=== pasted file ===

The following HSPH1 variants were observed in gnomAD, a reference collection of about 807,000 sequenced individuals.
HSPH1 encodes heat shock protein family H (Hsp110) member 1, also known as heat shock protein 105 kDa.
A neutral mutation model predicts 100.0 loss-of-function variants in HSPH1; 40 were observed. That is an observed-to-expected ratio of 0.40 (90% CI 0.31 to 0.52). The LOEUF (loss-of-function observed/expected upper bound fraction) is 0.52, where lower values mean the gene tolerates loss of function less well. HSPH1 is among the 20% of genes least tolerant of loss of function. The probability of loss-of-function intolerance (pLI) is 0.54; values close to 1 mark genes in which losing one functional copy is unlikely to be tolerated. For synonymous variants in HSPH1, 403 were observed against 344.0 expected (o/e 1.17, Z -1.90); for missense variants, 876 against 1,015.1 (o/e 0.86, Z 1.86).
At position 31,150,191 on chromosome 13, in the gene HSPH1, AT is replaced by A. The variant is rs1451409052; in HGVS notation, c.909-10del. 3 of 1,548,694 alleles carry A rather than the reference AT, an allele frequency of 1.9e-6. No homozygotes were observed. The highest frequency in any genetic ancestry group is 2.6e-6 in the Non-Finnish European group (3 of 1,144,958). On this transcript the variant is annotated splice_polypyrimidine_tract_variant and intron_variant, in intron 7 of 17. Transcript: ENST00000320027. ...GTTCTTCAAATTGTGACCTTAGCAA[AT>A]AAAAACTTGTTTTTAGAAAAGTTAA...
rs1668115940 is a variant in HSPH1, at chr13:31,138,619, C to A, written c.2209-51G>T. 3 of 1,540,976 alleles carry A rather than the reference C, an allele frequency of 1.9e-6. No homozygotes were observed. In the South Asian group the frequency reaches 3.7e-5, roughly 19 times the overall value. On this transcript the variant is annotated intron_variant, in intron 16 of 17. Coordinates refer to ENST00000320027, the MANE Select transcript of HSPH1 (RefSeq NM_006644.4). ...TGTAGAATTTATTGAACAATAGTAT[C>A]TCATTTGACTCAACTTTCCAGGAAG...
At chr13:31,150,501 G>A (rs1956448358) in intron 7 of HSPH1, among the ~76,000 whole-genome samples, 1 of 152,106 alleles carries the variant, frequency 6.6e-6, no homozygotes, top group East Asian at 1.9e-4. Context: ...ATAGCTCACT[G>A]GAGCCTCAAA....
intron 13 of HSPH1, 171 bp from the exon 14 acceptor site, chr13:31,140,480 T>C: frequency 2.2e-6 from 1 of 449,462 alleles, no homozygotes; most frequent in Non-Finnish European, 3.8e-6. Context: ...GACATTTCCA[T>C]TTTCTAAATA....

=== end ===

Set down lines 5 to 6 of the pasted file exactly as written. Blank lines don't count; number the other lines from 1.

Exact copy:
rs1668115940 is a variant in HSPH1, at chr13:31,138,619, C to A, written c.2209-51G>T. 3 of 1,540,976 alleles carry A rather than the reference C, an allele frequency of 1.9e-6. No homozygotes were observed. In the South Asian group the frequency reaches 3.7e-5, roughly 19 times the overall value. On this transcript the variant is annotated intron_variant, in intron 16 of 17. Coordinates refer to ENST00000320027, the MANE Select transcript of HSPH1 (RefSeq NM_006644.4). ...TGTAGAATTTATTGAACAATAGTAT[C>A]TCATTTGACTCAACTTTCCAGGAAG...
At chr13:31,150,501 G>A (rs1956448358) in intron 7 of HSPH1, among the ~76,000 whole-genome samples, 1 of 152,106 alleles carries the variant, frequency 6.6e-6, no homozygotes, top group East Asian at 1.9e-4. Context: ...ATAGCTCACT[G>A]GAGCCTCAAA....